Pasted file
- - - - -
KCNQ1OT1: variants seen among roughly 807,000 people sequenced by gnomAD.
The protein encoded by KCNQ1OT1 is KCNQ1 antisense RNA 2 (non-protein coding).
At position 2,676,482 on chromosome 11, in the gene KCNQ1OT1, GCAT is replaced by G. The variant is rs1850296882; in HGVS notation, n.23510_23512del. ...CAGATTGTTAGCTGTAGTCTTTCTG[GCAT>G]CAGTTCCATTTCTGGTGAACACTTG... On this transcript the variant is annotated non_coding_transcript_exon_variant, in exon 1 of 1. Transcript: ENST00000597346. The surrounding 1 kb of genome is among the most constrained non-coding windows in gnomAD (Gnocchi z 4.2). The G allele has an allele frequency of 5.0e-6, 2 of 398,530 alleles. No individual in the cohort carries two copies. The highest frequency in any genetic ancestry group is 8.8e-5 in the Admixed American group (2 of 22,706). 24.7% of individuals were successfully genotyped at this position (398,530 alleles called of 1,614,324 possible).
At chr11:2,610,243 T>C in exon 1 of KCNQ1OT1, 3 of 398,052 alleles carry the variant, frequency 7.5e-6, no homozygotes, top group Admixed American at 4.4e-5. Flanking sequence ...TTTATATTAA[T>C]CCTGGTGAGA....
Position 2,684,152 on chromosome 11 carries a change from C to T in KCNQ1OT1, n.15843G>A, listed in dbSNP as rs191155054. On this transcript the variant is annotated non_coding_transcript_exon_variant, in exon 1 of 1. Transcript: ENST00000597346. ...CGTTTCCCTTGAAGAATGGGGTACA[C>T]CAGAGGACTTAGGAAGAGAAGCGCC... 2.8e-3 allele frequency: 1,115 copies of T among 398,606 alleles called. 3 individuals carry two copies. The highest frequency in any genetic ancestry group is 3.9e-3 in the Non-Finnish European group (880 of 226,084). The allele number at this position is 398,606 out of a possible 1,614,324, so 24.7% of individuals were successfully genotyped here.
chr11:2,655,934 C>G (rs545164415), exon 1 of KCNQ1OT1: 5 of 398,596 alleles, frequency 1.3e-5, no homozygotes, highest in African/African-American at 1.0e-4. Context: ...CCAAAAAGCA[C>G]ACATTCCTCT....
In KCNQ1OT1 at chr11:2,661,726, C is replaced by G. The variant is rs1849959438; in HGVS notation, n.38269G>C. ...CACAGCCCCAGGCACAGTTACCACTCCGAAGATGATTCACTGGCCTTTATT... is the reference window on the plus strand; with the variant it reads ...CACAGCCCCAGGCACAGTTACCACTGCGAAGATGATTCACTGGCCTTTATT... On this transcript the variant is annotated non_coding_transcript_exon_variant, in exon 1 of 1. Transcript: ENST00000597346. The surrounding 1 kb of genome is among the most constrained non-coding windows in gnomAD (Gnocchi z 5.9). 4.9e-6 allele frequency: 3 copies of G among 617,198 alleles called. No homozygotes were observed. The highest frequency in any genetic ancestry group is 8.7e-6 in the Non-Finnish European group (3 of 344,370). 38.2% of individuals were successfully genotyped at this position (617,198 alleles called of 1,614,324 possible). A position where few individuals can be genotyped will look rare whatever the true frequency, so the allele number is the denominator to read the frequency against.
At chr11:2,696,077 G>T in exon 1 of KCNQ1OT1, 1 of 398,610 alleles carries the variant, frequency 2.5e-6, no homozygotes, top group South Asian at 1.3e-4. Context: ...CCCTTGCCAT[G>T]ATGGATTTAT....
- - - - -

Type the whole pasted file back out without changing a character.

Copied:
KCNQ1OT1: variants seen among roughly 807,000 people sequenced by gnomAD.
The protein encoded by KCNQ1OT1 is KCNQ1 antisense RNA 2 (non-protein coding).
At position 2,676,482 on chromosome 11, in the gene KCNQ1OT1, GCAT is replaced by G. The variant is rs1850296882; in HGVS notation, n.23510_23512del. ...CAGATTGTTAGCTGTAGTCTTTCTG[GCAT>G]CAGTTCCATTTCTGGTGAACACTTG... On this transcript the variant is annotated non_coding_transcript_exon_variant, in exon 1 of 1. Transcript: ENST00000597346. The surrounding 1 kb of genome is among the most constrained non-coding windows in gnomAD (Gnocchi z 4.2). The G allele has an allele frequency of 5.0e-6, 2 of 398,530 alleles. No individual in the cohort carries two copies. The highest frequency in any genetic ancestry group is 8.8e-5 in the Admixed American group (2 of 22,706). 24.7% of individuals were successfully genotyped at this position (398,530 alleles called of 1,614,324 possible).
At chr11:2,610,243 T>C in exon 1 of KCNQ1OT1, 3 of 398,052 alleles carry the variant, frequency 7.5e-6, no homozygotes, top group Admixed American at 4.4e-5. Flanking sequence ...TTTATATTAA[T>C]CCTGGTGAGA....
Position 2,684,152 on chromosome 11 carries a change from C to T in KCNQ1OT1, n.15843G>A, listed in dbSNP as rs191155054. On this transcript the variant is annotated non_coding_transcript_exon_variant, in exon 1 of 1. Transcript: ENST00000597346. ...CGTTTCCCTTGAAGAATGGGGTACA[C>T]CAGAGGACTTAGGAAGAGAAGCGCC... 2.8e-3 allele frequency: 1,115 copies of T among 398,606 alleles called. 3 individuals carry two copies. The highest frequency in any genetic ancestry group is 3.9e-3 in the Non-Finnish European group (880 of 226,084). The allele number at this position is 398,606 out of a possible 1,614,324, so 24.7% of individuals were successfully genotyped here.
chr11:2,655,934 C>G (rs545164415), exon 1 of KCNQ1OT1: 5 of 398,596 alleles, frequency 1.3e-5, no homozygotes, highest in African/African-American at 1.0e-4. Context: ...CCAAAAAGCA[C>G]ACATTCCTCT....
In KCNQ1OT1 at chr11:2,661,726, C is replaced by G. The variant is rs1849959438; in HGVS notation, n.38269G>C. ...CACAGCCCCAGGCACAGTTACCACTCCGAAGATGATTCACTGGCCTTTATT... is the reference window on the plus strand; with the variant it reads ...CACAGCCCCAGGCACAGTTACCACTGCGAAGATGATTCACTGGCCTTTATT... On this transcript the variant is annotated non_coding_transcript_exon_variant, in exon 1 of 1. Transcript: ENST00000597346. The surrounding 1 kb of genome is among the most constrained non-coding windows in gnomAD (Gnocchi z 5.9). 4.9e-6 allele frequency: 3 copies of G among 617,198 alleles called. No homozygotes were observed. The highest frequency in any genetic ancestry group is 8.7e-6 in the Non-Finnish European group (3 of 344,370). 38.2% of individuals were successfully genotyped at this position (617,198 alleles called of 1,614,324 possible). A position where few individuals can be genotyped will look rare whatever the true frequency, so the allele number is the denominator to read the frequency against.
At chr11:2,696,077 G>T in exon 1 of KCNQ1OT1, 1 of 398,610 alleles carries the variant, frequency 2.5e-6, no homozygotes, top group South Asian at 1.3e-4. Context: ...CCCTTGCCAT[G>T]ATGGATTTAT....